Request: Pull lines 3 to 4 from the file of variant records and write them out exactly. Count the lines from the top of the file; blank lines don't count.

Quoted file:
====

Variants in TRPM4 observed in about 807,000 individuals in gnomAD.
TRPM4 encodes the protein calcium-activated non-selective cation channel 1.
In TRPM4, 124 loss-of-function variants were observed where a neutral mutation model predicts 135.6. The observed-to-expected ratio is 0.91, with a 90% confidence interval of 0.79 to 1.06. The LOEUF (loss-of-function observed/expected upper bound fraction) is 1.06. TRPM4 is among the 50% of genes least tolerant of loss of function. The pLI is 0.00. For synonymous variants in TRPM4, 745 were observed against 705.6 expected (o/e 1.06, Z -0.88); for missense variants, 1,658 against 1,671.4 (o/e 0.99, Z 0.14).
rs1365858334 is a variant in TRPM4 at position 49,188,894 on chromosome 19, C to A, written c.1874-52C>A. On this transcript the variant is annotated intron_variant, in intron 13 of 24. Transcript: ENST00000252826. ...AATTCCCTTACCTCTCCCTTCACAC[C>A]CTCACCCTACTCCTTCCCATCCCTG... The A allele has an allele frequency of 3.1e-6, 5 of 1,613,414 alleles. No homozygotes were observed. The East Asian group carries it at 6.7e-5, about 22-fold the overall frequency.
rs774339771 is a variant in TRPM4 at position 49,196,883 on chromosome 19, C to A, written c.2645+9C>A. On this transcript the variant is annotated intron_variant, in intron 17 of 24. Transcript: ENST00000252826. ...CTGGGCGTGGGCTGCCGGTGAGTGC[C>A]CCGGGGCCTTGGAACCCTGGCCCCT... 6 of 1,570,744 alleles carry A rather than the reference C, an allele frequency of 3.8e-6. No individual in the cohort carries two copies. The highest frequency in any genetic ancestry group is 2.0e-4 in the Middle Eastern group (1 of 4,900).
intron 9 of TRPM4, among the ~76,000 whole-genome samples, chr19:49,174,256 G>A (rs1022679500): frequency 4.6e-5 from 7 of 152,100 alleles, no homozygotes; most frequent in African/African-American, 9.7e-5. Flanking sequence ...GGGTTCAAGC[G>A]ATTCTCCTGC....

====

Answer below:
In TRPM4, 124 loss-of-function variants were observed where a neutral mutation model predicts 135.6. The observed-to-expected ratio is 0.91, with a 90% confidence interval of 0.79 to 1.06. The LOEUF (loss-of-function observed/expected upper bound fraction) is 1.06. TRPM4 is among the 50% of genes least tolerant of loss of function. The pLI is 0.00. For synonymous variants in TRPM4, 745 were observed against 705.6 expected (o/e 1.06, Z -0.88); for missense variants, 1,658 against 1,671.4 (o/e 0.99, Z 0.14).
rs1365858334 is a variant in TRPM4 at position 49,188,894 on chromosome 19, C to A, written c.1874-52C>A. On this transcript the variant is annotated intron_variant, in intron 13 of 24. Transcript: ENST00000252826. ...AATTCCCTTACCTCTCCCTTCACAC[C>A]CTCACCCTACTCCTTCCCATCCCTG... The A allele has an allele frequency of 3.1e-6, 5 of 1,613,414 alleles. No homozygotes were observed. The East Asian group carries it at 6.7e-5, about 22-fold the overall frequency.